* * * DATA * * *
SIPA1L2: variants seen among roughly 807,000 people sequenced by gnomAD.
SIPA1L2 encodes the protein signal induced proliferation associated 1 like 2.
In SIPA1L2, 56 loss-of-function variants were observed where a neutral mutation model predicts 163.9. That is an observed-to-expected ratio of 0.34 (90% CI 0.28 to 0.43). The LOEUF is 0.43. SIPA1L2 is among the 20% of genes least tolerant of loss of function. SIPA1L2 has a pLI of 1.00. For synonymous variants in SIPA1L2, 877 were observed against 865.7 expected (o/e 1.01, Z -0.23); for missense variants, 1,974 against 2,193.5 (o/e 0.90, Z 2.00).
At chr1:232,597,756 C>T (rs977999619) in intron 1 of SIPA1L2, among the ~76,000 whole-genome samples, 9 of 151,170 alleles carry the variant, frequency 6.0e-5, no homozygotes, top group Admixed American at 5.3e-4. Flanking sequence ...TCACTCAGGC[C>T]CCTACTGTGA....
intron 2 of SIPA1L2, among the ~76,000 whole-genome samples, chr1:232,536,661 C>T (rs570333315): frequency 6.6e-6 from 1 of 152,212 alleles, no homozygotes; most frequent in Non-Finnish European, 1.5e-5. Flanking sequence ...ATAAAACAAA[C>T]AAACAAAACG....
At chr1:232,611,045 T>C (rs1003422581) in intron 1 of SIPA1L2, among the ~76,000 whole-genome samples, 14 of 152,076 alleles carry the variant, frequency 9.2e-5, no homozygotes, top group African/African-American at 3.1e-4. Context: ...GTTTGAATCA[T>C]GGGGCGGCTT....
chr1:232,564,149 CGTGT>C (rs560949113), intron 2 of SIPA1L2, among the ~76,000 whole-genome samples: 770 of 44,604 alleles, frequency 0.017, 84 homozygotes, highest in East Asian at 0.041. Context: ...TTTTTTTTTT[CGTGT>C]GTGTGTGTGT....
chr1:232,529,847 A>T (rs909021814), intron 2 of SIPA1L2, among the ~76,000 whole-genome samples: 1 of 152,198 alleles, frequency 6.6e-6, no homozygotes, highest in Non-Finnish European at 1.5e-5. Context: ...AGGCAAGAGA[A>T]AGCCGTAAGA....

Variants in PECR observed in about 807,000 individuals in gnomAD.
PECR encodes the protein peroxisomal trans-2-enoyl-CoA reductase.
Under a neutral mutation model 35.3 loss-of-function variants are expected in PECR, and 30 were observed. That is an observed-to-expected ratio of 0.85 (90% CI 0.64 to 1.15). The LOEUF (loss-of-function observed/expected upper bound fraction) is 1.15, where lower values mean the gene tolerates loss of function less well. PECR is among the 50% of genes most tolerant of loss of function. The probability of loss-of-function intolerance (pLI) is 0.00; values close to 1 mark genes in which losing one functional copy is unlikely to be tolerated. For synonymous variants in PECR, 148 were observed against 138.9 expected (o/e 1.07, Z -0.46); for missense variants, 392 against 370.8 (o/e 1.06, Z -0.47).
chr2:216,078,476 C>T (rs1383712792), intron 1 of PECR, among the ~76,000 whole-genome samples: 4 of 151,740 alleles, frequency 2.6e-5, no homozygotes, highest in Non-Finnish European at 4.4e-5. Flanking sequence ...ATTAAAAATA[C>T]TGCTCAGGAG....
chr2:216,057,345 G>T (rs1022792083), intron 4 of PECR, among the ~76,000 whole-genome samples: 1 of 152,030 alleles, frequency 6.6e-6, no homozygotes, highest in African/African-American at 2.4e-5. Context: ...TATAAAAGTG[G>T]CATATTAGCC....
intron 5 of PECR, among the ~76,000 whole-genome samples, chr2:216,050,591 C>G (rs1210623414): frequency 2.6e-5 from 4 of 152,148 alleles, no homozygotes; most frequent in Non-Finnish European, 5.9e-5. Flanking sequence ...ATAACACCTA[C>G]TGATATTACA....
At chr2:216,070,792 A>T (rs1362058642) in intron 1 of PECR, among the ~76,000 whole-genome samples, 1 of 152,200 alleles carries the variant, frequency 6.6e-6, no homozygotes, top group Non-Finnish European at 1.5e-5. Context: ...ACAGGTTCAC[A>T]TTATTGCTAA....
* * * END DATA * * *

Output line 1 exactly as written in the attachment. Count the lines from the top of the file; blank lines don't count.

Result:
SIPA1L2: variants seen among roughly 807,000 people sequenced by gnomAD.